President Serzh Sarkisian on Tuesday called on the winner of Turkey’s upcoming presidential election to visit Armenia next year and commemorate the 100th anniversary of the Armenian genocide in the Ottoman Empire.
Sarkisian announced his invitation at a meeting of an Armenian state commission coordinating official ceremonies and other events planned for the centenary of the genocide to be marked in April 2015. He scoffed at the official Turkish line that the 1915 mass killings of Armenians should be addressed not by governments but historians having access to the state archives of both countries.
“If Turkey’s authorities want to know the truth they should come to Armenia and be with the Armenian people on April 24,” Sarkisian said in televised remarks. “I don’t think that they will call for visits to the archives after that.”
“Using this opportunity, I am officially inviting the president of Turkey, whoever wins the forthcoming elections, to visit Armenia on April 24, 2015 and face up to telling testimonies of the history of the Armenian genocide,” he declared.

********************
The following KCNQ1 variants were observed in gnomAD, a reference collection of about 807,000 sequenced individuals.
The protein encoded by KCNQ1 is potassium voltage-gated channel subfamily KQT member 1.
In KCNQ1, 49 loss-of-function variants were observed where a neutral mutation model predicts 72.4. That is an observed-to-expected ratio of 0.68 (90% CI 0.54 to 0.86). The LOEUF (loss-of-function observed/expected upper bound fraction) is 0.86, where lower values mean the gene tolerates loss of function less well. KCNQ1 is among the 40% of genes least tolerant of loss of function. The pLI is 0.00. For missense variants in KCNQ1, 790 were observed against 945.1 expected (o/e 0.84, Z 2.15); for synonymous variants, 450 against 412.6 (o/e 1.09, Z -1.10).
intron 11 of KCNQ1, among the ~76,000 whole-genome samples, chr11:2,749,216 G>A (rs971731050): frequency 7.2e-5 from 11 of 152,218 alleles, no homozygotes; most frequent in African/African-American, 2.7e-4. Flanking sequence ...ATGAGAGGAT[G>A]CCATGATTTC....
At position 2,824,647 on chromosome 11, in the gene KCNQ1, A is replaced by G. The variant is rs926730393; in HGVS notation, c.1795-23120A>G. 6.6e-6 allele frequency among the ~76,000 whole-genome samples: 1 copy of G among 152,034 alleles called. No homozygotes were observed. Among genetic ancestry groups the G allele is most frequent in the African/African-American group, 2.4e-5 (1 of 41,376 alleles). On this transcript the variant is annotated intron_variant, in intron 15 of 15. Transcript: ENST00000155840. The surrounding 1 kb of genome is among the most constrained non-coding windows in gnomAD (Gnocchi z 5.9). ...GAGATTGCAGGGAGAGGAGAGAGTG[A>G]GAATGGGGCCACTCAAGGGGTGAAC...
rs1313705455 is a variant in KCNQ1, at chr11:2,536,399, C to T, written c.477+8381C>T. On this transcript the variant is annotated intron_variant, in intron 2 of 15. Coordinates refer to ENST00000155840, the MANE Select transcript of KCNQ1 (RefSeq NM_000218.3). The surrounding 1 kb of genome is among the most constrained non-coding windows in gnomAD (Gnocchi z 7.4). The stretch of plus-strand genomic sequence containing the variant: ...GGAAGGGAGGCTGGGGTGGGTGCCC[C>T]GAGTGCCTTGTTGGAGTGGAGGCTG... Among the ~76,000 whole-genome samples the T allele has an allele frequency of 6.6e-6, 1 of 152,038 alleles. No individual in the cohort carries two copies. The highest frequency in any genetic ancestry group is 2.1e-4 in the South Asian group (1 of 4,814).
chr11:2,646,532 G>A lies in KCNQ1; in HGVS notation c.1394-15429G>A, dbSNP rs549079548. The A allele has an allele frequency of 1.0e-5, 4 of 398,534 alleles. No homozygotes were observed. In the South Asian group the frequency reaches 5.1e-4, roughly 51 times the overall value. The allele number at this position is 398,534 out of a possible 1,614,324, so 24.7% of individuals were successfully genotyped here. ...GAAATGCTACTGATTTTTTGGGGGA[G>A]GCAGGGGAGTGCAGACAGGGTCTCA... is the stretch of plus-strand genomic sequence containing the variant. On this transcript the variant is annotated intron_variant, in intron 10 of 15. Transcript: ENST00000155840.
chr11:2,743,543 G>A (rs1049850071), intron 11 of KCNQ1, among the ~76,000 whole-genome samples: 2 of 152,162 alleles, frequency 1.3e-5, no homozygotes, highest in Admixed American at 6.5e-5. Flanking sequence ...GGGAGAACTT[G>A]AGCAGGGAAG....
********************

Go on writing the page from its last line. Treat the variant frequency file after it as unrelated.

The invitation was clearly addressed to Turkish Prime Minister Recep Tayyip Erdogan, who is widely expected to run in and win the presidential ballot slated for August.
On the eve of the most recent genocide commemoration, Erdogan extended first-ever Turkish condolences to the descendants of the Armenians massacred in Ottoman Turkey. The move hailed by the West marked a further softening of Turkey’s decades-long policy of aggressive genocide denial. Official Yerevan dismissed Erdogan’s statement, however, saying that Ankara continues to deny that the slaughter of some 1.5 million Armenians constituted genocide.
“The recognition of the Armenian genocide is the only step which the Turkish leadership should take in order to rid itself of the burden of the past,” Sarkisian said on Tuesday. “It’s impossible to achieve a serious result with half-measures.”
Turkey’s current President Abdullah Gul visited Yerevan in September 2008 to watch with Sarkisian a game between the Armenian and Turkish national football teams. The landmark trip marked the beginning of an unprecedented rapprochement that culminated in the signing in October 2009 of Turkish-Armenian agreements to normalize bilateral relations. The Turkish government afterwards made their implementation contingent on the resolution of the Nagorno-Karabakh conflict.